Java: Boolean Data Type

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  • 0:04 Boolean
  • 1:08 Syntax
  • 1:37 Some Examples
  • 2:50 Lesson Summary
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Lesson Transcript
Instructor: Martin Gibbs

Martin has 16 years experience in Human Resources Information Systems and has a PhD in Information Technology Management. He is an adjunct professor of computer science and computer programming.

True or false? This is a question that's asked frequently in programming languages. Java is no exception. In this lesson, we'll learn about the Boolean data type (true or false) and provide some examples.


George Boole invented logic in math and defined the algebraic concept named after him. In Java, the Boolean data type is a primitive data type, which means it comes packaged with the programming language. A Boolean data type can only have a value of either true of false. Note that these are keywords that are reserved by the programming language: they cannot be used for variable, function, class, or object names!

The concept of a switch, in this case true or false, is a core component of any programming language. Therefore the result of a Boolean operation is only true or false (lowercase in Java code).

It may not seem obvious at first but other Java programming features rely inherently on a Boolean value. Think of an if statement: The code will execute if a specific condition is true. It won't if the condition is false. Therefore, the Boolean logic is embedded deep within the guts of Java!

Now that we've established the Boolean data type as primitive, or native to the language, and defined its possible values (true or false), let's look at the syntax of declaring a Boolean variable.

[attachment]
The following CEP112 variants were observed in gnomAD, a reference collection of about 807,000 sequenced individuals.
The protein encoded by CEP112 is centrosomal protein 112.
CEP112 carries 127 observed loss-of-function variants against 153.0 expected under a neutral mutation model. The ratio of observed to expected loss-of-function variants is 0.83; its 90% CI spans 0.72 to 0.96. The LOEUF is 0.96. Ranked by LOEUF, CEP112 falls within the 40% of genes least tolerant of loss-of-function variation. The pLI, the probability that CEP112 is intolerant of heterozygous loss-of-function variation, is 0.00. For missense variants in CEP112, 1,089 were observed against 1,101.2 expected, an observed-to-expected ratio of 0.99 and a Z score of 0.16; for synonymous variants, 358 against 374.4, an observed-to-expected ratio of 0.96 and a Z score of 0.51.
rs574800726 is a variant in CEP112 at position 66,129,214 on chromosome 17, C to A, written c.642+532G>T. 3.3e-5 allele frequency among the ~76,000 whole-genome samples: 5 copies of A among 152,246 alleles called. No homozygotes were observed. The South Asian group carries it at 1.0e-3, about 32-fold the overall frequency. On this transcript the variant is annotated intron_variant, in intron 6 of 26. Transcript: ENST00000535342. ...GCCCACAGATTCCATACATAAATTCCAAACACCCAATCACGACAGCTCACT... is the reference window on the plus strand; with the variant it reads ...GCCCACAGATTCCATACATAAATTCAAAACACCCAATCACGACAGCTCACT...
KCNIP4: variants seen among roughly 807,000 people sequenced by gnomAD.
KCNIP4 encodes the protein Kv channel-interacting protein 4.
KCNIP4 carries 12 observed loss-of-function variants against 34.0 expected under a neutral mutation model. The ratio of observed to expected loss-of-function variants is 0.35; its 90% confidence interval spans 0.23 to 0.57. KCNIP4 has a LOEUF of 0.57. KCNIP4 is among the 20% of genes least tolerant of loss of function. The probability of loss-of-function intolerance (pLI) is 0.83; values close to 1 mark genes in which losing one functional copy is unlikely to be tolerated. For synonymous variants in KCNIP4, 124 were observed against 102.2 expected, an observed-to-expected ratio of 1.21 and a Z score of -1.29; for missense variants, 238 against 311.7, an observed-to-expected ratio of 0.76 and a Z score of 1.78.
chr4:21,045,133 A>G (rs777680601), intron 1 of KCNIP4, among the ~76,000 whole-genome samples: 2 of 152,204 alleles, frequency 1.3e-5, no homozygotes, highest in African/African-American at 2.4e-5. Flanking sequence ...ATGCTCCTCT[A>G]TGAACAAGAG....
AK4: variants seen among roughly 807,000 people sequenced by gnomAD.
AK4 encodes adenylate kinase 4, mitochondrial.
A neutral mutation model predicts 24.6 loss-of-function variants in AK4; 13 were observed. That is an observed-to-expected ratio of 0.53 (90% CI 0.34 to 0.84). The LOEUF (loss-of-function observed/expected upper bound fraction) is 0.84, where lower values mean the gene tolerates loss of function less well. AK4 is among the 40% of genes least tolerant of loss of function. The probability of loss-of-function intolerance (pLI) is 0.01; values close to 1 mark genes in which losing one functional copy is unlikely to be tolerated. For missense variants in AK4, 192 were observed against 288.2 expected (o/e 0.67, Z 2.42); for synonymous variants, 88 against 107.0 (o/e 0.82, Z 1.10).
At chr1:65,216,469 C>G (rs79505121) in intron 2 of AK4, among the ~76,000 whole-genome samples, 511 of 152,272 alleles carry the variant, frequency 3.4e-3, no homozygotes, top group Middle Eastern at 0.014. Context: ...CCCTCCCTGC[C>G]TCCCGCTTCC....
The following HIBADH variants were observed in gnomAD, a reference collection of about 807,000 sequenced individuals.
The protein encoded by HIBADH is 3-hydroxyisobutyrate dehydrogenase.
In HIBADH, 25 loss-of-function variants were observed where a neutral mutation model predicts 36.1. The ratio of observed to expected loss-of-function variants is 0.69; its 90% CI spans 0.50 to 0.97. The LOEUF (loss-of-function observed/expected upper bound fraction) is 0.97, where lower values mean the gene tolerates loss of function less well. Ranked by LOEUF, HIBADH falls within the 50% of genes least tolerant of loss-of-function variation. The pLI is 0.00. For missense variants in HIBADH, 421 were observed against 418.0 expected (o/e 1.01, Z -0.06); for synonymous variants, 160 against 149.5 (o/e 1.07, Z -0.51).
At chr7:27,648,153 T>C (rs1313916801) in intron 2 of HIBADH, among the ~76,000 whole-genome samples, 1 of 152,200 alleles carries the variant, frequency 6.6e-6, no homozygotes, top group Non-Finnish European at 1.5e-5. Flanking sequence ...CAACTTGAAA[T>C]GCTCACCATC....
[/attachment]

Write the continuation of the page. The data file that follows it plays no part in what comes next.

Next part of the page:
The following is the basic syntax for declaring a Boolean variable. Notice that there are three lines, even though we stated that only true or false are valid:

boolean isValid;
boolean flag = true;
boolean stop = false;

Each line is valid, but be careful! The first variable, isValid, will give you headaches if you try use it later in your code. Java doesn't know what you want the value to be: It will NOT default in a value.

Therefore, it is highly recommended to initialize your variables! Whether you pick true or false depends entirely on the situation or what you are trying to accomplish with the code.

Some Examples

Let's take a look at how the Boolean data type is used in programming. Pay careful attention to how the true/false logic is used and evaluated in these examples.

Example 1: Stop Flag

A very simple example is here. We set a stop flag to false and then begin some processing. Once the counter (i) hits 5, we flip the flag to true. There could be other code in the program that depends upon that flag being true or false.

boolean stop = false;
for(int i = 0; i < 10; i++) {
  if(i = 5) {
   stop = true;

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